A research team in Belgium, reporting in JAMA Dermatology, described 31 mostly teenage and young adult patients with purplish-red lesions on their toes and/or fingers. None tested positive for the SARS-CoV-2 virus, which causes the illness, and all were negative for antibodies to the virus. Researchers suspect that these patients' skin symptoms may be due to community containment and lockdown measures imposed as a result of the pandemic. A majority (64%) reported decreased physical activity and more time spent in sedentary positions as they worked from home or were home schooled. Notably, most patients indicated that they remained barefoot or in socks most of the day.

Similarly, researchers in Spain evaluated 20 children and teens who developed a purplish skin rash on their feet and/or hands. None had COVID-19 symptoms or evidence of infection based on nasal swab and blood testing. Writing in JAMA Dermatology, the authors say one possibility is that the kids' symptoms may have been related to the quarantine experience of going barefoot or only wearing socks and engaging in little physical activity.

Of course, much remains unknown. Larger, well-designed studies involving control groups are needed to sort out any possible correlation between these toe lesions and coronavirus infections.

In April, International Federation of Podiatrists published a case study detailing similar findings, describing a 13-year-old boy who suddenly presented with lesions on both feet. Two days later, he presented with general COVID-19 symptoms—fever, muscle pain, and headaches—along with “intense itching and burning on the foot lesions.” The boy was never tested for COVID-19, nor were any other family members, but his sister and mother showed symptoms of coronavirus before the boy's symptoms showed up. The boy's foot lesions began to clear up within a week, per the report. The American Academy of Dermatology even has its own registry of dermatological issues possibly linked with COVID-19–including "COVID toes"—to better understand the link.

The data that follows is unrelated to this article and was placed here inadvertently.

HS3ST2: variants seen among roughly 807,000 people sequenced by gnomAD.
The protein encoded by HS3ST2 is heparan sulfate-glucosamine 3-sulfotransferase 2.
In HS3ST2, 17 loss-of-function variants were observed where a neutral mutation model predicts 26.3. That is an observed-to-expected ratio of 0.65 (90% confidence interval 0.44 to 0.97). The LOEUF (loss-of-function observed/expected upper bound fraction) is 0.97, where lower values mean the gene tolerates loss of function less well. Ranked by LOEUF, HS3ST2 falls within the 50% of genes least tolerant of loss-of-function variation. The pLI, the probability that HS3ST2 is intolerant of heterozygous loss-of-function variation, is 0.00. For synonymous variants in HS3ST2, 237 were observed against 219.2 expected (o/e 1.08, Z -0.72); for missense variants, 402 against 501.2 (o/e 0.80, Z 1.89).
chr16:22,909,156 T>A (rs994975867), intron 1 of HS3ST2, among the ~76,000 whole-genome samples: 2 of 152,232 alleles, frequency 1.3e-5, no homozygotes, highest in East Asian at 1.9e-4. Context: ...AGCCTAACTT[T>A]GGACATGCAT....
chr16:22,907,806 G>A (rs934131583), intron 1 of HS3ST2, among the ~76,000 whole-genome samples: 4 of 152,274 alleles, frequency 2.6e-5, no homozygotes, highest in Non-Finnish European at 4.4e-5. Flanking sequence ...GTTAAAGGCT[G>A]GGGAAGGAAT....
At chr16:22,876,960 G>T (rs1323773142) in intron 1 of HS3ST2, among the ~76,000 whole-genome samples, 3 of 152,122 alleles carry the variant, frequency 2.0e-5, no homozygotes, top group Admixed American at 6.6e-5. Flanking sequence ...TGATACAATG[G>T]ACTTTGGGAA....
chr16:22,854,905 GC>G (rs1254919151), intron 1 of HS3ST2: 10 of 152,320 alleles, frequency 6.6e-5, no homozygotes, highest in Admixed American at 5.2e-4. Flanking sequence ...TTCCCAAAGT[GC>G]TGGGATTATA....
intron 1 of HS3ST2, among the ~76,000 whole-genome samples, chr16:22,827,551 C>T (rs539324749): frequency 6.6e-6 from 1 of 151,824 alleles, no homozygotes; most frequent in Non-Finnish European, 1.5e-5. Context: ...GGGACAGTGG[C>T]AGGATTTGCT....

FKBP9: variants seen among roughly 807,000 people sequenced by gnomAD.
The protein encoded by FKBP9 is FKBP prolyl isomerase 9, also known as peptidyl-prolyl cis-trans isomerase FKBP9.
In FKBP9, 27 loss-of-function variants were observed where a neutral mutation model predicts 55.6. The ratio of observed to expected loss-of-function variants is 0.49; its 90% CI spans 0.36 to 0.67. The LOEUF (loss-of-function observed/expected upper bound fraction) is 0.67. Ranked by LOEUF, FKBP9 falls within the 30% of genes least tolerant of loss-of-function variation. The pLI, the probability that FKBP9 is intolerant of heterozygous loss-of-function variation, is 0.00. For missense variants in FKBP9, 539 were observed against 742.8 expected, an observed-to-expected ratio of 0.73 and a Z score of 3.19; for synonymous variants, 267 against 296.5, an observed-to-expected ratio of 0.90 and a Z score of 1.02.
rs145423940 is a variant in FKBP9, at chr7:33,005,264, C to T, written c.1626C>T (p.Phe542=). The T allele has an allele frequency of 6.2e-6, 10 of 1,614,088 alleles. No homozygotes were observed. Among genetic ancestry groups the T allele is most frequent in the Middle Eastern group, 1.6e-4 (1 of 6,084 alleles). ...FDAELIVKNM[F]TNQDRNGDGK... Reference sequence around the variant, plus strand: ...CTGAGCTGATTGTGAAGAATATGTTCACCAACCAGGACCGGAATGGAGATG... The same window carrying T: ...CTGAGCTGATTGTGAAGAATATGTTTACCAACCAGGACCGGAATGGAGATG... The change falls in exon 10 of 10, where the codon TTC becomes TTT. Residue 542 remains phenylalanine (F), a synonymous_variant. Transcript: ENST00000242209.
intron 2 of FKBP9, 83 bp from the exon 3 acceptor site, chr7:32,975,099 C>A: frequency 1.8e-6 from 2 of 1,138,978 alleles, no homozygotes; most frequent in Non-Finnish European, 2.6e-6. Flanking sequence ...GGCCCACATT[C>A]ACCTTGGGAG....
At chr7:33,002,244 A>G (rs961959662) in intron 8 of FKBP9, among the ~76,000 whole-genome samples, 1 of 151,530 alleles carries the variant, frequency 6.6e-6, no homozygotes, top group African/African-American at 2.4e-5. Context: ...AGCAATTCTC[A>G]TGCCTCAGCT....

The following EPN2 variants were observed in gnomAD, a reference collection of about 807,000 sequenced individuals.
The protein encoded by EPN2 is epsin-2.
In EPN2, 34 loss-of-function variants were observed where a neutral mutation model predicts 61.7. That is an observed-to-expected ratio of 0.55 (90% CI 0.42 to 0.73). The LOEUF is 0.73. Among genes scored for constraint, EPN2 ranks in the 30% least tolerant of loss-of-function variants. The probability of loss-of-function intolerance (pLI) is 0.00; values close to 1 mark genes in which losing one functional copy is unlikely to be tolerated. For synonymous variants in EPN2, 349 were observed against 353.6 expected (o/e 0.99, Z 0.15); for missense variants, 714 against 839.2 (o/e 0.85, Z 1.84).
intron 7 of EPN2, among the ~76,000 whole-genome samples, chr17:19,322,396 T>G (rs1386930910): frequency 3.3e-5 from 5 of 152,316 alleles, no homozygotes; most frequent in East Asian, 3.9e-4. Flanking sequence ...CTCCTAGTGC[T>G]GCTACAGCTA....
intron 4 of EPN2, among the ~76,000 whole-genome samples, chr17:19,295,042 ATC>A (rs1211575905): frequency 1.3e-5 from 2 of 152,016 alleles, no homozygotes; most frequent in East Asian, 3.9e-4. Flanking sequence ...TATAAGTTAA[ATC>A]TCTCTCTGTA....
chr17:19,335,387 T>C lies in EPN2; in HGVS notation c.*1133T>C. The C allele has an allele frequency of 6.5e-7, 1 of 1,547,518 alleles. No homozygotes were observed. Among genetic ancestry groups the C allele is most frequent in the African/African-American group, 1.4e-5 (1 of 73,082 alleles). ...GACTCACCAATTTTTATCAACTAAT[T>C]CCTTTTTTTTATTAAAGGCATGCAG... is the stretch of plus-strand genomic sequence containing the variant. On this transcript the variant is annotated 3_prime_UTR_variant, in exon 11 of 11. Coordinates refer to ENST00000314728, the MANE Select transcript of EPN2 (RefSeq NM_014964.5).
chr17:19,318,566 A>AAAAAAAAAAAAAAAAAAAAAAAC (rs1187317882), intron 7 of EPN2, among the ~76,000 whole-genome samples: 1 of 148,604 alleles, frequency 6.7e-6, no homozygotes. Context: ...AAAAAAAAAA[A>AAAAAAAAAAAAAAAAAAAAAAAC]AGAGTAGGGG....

While it's unclear exactly why this may be happening with COVID-19 patients,  Nazanin Saedi, MD, board-certified dermatologist at Thomas Jefferson University, says it may have something to do with how the virus stimulates inflammation. "It can be a localized inflammation to the finger or toes. Or, it can be the inflammation causing microclots in the circulation,” she says. She also points out that an increase in blood clotting has been seen in those who are very ill. “They see this in asymptomatic patients but also patients who are critically ill," says Dr. Saedi.